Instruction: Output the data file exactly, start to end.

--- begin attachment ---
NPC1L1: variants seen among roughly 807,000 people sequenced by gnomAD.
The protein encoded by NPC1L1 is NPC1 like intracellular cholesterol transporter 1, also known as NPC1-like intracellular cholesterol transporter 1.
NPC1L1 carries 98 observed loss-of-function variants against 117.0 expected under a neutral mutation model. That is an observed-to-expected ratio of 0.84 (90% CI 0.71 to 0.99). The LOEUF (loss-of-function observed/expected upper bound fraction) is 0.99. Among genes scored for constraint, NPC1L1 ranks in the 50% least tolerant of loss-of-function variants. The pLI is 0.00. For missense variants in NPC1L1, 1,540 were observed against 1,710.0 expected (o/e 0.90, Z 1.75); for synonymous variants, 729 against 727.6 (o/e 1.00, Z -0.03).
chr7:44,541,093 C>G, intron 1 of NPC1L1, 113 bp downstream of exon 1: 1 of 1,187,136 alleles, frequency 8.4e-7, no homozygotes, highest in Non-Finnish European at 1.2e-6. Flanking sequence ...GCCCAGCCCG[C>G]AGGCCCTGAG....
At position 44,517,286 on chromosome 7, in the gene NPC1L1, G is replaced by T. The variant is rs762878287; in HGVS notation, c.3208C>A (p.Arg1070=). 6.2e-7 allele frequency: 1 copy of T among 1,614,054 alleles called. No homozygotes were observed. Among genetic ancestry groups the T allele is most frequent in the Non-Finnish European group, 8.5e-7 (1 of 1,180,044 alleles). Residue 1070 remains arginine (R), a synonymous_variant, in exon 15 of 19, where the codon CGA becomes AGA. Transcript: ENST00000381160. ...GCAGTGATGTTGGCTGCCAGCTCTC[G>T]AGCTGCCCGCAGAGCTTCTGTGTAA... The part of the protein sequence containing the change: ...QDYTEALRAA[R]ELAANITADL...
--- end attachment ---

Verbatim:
NPC1L1: variants seen among roughly 807,000 people sequenced by gnomAD.
The protein encoded by NPC1L1 is NPC1 like intracellular cholesterol transporter 1, also known as NPC1-like intracellular cholesterol transporter 1.
NPC1L1 carries 98 observed loss-of-function variants against 117.0 expected under a neutral mutation model. That is an observed-to-expected ratio of 0.84 (90% CI 0.71 to 0.99). The LOEUF (loss-of-function observed/expected upper bound fraction) is 0.99. Among genes scored for constraint, NPC1L1 ranks in the 50% least tolerant of loss-of-function variants. The pLI is 0.00. For missense variants in NPC1L1, 1,540 were observed against 1,710.0 expected (o/e 0.90, Z 1.75); for synonymous variants, 729 against 727.6 (o/e 1.00, Z -0.03).
chr7:44,541,093 C>G, intron 1 of NPC1L1, 113 bp downstream of exon 1: 1 of 1,187,136 alleles, frequency 8.4e-7, no homozygotes, highest in Non-Finnish European at 1.2e-6. Flanking sequence ...GCCCAGCCCG[C>G]AGGCCCTGAG....
At position 44,517,286 on chromosome 7, in the gene NPC1L1, G is replaced by T. The variant is rs762878287; in HGVS notation, c.3208C>A (p.Arg1070=). 6.2e-7 allele frequency: 1 copy of T among 1,614,054 alleles called. No homozygotes were observed. Among genetic ancestry groups the T allele is most frequent in the Non-Finnish European group, 8.5e-7 (1 of 1,180,044 alleles). Residue 1070 remains arginine (R), a synonymous_variant, in exon 15 of 19, where the codon CGA becomes AGA. Transcript: ENST00000381160. ...GCAGTGATGTTGGCTGCCAGCTCTC[G>T]AGCTGCCCGCAGAGCTTCTGTGTAA... The part of the protein sequence containing the change: ...QDYTEALRAA[R]ELAANITADL...